Stoller said, "I think we ought to make it so rough for them, over here,
that they will come to America and set up, if they can't stand the

"Oh, we ought to make it rough for them anyway," March consented.

If Stoller felt his irony, he did not know what to answer. He followed
with his eyes the manoeuvre by which Burnamy and Miss Triscoe eliminated
themselves from the discussion, and strayed off to another corner of the
ruin, where they sat down on the turf in the shadow of the wall; a thin,
upland breeze drew across them, but the sun was hot. The land fell away
from the height, and then rose again on every side in carpetlike fields
and in long curving bands, whose parallel colors passed unblended into
the distance. "I don't suppose," Burnamy said, "that life ever does much
better than this, do you? I feel like knocking on a piece of wood and
saying 'Unberufen.' I might knock on your bouquet; that's wood."

"It would spoil the flowers," she said, looking down at them in her belt.
She looked up and their eyes met.

"I wonder," he said, presently, "what makes us always have a feeling of
dread when we are happy?"

"Do you have that, too?" she asked.

"Yes. Perhaps it's because we know that change must come, and it must be
for the worse."

"That must be it. I never thought of it before, though."

"If we had got so far in science that we could predict psychological
weather, and could know twenty-four hours ahead when a warm wave of bliss
or a cold wave of misery was coming, and prepare for smiles and tears
beforehand--it may come to that."

"I hope it won't. I'd rather not know when I was to be happy; it would
spoil the pleasure; and wouldn't be any compensation when it was the
other way."

A shadow fell across them, and Burnamy glanced round to see Stoller
looking down at them, with a slant of the face that brought his aquiline
profile into relief. "Oh! Have a turf, Mr. Stoller?" he called gayly up
to him.

"I guess we've seen about all there is," he answered. "Hadn't we better
be going?" He probably did not mean to be mandatory.

"All right," said Burnamy, and he turned to speak to Miss Triscoe again
without further notice of him.

They all descended to the church at the foot of the hill where the weird
sacristan was waiting to show them the cold, bare interior, and to
account for its newness with the fact that the old church had been burnt,
and this one built only a few years before. Then he locked the doors
after them, and ran forward to open against their coming the chapel of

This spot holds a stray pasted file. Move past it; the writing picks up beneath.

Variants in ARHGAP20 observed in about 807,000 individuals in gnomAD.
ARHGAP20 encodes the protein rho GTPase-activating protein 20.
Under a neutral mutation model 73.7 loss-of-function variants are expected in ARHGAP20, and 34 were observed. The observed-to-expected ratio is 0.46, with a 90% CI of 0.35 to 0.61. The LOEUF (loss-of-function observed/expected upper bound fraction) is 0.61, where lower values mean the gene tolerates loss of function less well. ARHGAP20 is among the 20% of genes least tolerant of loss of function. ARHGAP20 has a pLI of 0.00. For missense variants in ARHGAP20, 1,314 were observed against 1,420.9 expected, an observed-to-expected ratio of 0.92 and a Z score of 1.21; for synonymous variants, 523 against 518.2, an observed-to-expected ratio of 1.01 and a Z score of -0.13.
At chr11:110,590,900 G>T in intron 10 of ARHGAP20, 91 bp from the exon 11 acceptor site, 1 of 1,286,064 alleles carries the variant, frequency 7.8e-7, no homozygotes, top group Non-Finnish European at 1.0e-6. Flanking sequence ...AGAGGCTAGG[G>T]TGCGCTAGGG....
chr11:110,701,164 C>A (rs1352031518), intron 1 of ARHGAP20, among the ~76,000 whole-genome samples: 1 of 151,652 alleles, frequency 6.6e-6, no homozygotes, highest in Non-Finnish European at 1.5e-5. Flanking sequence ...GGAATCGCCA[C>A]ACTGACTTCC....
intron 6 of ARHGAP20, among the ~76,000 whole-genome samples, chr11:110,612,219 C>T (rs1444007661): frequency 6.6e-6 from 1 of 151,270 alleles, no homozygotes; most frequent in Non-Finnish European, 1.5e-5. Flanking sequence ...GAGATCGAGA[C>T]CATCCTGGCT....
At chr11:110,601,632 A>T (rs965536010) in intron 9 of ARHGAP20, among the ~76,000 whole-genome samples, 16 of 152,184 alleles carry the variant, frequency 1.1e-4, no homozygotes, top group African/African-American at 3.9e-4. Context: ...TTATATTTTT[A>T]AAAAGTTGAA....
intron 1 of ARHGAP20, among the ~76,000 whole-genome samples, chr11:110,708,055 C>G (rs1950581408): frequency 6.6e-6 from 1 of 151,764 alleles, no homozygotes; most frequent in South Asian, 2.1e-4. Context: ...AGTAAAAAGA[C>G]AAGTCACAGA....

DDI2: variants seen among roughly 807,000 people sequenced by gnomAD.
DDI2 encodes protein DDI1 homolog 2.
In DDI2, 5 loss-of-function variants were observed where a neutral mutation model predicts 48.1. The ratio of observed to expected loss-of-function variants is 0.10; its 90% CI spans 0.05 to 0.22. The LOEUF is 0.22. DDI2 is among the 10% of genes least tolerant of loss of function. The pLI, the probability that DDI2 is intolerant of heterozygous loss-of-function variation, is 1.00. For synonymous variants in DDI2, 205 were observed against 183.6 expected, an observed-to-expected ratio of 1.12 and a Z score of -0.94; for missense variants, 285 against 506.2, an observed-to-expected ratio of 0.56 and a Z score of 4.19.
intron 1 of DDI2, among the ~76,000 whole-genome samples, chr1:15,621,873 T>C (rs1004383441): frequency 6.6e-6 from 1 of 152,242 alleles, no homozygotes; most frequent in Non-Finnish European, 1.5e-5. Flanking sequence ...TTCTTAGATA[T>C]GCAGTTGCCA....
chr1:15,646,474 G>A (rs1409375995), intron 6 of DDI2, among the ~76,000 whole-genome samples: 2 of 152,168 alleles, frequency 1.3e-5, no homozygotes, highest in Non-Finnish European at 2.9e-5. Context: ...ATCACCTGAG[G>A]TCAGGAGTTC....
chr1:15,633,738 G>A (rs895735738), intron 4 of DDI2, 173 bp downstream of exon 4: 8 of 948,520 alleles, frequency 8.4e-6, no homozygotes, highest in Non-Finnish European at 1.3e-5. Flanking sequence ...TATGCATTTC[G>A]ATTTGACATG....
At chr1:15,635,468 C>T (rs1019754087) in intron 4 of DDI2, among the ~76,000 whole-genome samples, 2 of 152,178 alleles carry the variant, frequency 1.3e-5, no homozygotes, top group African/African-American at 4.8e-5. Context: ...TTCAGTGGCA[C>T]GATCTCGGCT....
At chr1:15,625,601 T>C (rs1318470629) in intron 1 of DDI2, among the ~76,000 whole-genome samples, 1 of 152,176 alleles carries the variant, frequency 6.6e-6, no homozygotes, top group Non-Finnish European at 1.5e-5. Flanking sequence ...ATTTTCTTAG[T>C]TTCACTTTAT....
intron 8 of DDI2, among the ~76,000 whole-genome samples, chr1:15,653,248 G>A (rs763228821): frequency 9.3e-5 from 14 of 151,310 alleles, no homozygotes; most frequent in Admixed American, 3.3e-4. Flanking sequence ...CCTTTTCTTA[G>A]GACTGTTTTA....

the village cemetery, which they were to visit after they had fortified
themselves for it at the village cafe.

They were served by a little hunch-back maid; and she told them who lived
in the chief house of the village. It was uncommonly pretty; where all
the houses were picturesque, and she spoke of it with respect as the
dwelling of a rich magistrate who was clearly the great man of the place.
March admired the cat which rubbed against her skirt while she stood and
talked, and she took his praises modestly for the cat; but they wrought
upon the envy, of her brother so that he ran off to the garden, and came
back with two fat, sleepy-eyed puppies which he held up, with an arm
across each of their stomachs, for the acclaim of the spectators.

"Oh, give him something! "Mrs. March entreated. "He's such a dear."

"No, no! I am not going to have my little hunchback and her cat outdone,"
he refused; and then he was about to yield.

"Hold on!" said Stoller, assuming the host. "I got the change."

He gave the boy a few kreutzers, when Mrs. March had meant her husband to
reward his naivete with half a florin at least; but he seemed to feel
that he had now ingratiated himself with the ladies, and he put himself
in charge of them for the walk to the cemetery chapel; he made Miss
Triscoe let him carry her jacket when she found it warm.

The chapel is dedicated to the Holy Trinity, and the Jesuit brother who
designed it, two or three centuries ago, indulged a devotional fancy in
the triangular form of the structure and the decorative details.
Everything is three-cornered; the whole chapel, to begin with, and then
the ark of the high altar in the middle of it, and each of the three
side-altars. The clumsy baroque taste of the architecture is a German
version of the impulse that was making Italy fantastic at the time; the
carving is coarse, and the color harsh and unsoftened by years, though it
is broken and obliterated in places.

The sacristan said that the chapel was never used for anything but
funeral services, and he led the way out into the cemetery, where he
wished to display the sepultural devices. The graves here were planted
with flowers, and some were in a mourning of black pansies; but a space
fenced apart from the rest held a few neglected mounds, overgrown with
weeds and brambles: This space, he said, was for suicides; but to March
it was not so ghastly as the dapper grief of certain tombs in consecrated